She stated that she gets very upset when anyone gets “in her space.” When the pressures at
work becomes more than Nicole can handle, she feels angry and panicky and “just wants to be
left alone.”
During the first session, Nicole stated that she didn’t want to do anything but lie in bed. She
stated that she often cries all weekend, becomes easily angered by her children, and often
resorts to yelling and spanking them. Nicole also stated that she was having difficulty doing
chores (e.g., going to the laundromat or grocery store, cooking, cleaning). There were piles of
laundry in her bedroom and trash everywhere, including old food, which reeked. She stated she
has had difficulty sleeping at night due to recurrent nightmares of “childhood stuff” and always
feels “too tired.” She avoids any situation that reminds her of “family stuff” but is afraid that
she’s turning out just like her mother. Nicole possesses a great deal of intelligence and has the
ability to seek out support and help when it is needed. She also has a very good sense of humor
that she displayed throughout the interview.
Second Session with Nicole
Nicole begins the second session with you by describing a situation that occurred during the
week at work. A male coworker asked her if she would like to go out for dinner after work one
evening, and when Nicole declined the invitation, the co-worker lightly touched her shoulder
and said, “Oh, come on Nicole, you need a little fun in your life.” Nicole states that she
overreacted to this gesture by swinging at the man and striking him on his chest. She tells you
she doesn’t know what came over her, but she felt like she was warding off an attack of some
kind and couldn’t tolerate having this man touch her. When you ask her if this type of thing has
happened on other occasions, she admits that she doesn’t like to be touched by anyone. “It
even bothers me sometimes if my own kids grab me when I’m not prepared for it.” Nicole
states that she was so upset by this incident that she stayed home from work the next day
because she was just “too tired” to get there on time. “My supervisor gets real mad when I’m
late, even though I tell him I can’t do anything about it if the bus isn’t running on time. I just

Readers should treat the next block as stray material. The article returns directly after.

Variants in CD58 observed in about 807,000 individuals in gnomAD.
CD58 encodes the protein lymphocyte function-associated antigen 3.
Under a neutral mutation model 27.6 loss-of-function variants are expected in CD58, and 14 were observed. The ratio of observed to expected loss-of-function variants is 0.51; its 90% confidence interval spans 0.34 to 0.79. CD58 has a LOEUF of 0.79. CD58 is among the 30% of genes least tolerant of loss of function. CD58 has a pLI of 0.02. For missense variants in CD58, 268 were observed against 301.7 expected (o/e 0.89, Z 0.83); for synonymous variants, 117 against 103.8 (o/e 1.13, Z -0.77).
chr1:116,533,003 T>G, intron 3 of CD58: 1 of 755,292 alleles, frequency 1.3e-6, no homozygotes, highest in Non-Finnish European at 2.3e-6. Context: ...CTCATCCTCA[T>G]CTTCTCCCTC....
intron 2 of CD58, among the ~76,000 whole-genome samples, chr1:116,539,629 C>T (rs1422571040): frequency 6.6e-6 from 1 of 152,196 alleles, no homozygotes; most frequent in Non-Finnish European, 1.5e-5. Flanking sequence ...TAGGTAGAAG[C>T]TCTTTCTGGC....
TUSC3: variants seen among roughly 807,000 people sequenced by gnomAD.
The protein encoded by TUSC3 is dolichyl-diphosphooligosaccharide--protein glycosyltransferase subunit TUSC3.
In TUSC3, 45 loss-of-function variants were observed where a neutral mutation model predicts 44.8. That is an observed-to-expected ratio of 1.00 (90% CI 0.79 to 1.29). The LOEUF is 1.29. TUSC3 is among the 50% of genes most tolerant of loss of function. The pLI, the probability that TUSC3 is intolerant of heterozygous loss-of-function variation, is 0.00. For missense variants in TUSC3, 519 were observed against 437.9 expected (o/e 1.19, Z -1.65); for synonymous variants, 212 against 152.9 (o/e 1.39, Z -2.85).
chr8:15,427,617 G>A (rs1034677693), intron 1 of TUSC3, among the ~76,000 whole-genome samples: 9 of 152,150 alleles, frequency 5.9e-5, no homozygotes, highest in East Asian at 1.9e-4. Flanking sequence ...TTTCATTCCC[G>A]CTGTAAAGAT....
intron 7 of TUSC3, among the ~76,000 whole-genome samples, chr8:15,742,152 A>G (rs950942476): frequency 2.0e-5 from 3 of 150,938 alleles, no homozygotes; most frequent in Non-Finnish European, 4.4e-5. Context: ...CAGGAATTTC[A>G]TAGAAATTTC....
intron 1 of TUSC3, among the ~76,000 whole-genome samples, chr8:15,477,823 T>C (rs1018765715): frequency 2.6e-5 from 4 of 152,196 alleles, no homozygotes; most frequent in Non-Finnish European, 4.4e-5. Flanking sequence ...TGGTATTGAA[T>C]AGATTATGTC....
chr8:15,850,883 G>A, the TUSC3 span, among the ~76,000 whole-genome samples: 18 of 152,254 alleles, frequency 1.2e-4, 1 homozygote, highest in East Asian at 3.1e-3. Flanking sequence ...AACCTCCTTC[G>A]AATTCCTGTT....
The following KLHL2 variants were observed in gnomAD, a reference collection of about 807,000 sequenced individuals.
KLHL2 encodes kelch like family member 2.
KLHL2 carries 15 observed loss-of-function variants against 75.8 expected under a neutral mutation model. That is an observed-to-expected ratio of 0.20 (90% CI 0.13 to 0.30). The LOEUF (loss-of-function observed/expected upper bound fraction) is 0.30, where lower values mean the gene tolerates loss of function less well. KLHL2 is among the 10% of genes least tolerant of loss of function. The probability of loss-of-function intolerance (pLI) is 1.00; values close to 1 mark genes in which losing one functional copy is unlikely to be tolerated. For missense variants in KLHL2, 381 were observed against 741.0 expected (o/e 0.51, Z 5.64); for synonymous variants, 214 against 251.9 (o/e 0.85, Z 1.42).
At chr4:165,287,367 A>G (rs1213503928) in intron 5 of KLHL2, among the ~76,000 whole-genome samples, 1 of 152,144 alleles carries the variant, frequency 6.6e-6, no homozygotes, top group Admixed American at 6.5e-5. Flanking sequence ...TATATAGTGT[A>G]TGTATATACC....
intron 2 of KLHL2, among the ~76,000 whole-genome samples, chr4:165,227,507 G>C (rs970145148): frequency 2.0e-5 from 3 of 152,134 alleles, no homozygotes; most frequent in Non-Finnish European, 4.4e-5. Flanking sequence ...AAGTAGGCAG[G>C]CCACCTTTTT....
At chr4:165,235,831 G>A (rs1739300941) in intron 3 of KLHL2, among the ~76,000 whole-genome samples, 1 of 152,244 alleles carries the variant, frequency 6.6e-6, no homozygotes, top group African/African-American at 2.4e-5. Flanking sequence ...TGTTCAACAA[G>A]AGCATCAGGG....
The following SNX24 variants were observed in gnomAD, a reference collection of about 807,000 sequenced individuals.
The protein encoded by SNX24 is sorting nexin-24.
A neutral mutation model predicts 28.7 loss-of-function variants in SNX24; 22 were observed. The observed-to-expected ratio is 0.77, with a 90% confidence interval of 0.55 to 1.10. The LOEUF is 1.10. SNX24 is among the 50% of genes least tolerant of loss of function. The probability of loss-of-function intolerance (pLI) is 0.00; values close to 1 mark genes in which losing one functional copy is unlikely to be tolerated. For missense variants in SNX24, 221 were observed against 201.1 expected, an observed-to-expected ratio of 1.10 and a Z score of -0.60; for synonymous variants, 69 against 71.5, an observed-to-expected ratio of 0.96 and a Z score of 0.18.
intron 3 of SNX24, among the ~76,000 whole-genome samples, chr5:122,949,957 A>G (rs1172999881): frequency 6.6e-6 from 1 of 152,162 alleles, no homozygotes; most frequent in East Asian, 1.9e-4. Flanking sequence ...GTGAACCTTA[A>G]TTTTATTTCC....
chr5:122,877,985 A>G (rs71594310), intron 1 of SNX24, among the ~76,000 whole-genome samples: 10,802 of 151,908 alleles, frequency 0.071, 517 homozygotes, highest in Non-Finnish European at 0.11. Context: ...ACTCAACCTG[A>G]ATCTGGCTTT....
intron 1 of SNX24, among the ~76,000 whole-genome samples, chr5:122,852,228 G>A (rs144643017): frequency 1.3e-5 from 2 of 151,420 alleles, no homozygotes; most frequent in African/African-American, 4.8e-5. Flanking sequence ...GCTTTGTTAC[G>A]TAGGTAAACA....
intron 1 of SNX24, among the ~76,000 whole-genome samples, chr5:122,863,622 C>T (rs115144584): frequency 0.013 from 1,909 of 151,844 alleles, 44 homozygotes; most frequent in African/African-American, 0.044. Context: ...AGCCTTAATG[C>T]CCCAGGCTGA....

didn’t want to deal with it the other day.”
You ask her why she thinks she reacted so strongly to her coworker’s touching her the other
day. Nicole pauses for several moments and then sighs deeply. “I think it’s related to all that
‘childhood stuff’ with my father. I just can’t get it out of my head. I think it’s going to haunt me
for the rest of my life.” Nicole describes several depressive episodes to you in which she felt she just couldn’t move because it took too much energy. During those times, she would forget to
eat and would be unable to get to sleep until early in the morning. Her children would
constantly ask her, “What’s wrong, Mommy? Why can’t you play with us?” Nicole states that
her children’s comments made her feel like a “terrible mother.” When you ask her about her
goals for the future, Nicole states that she really doesn’t have any goals, although she would
like to go to college and become a teacher. She says she isn’t sure she’ll live long enough to
complete an education.
Reflection Questions:
1. What diagnosis are you considering at this time, and why?
2. What will be your primary area(s) of assessment at the next session?
3. What are some of Nicole’s strengths?
4. How would you address the client’s suicidal ideations? Conduct a risk assessment.
5. What resources might be available to assist Nicole?
6. What cultural and psychosocial factors may be impacting this diagnosis?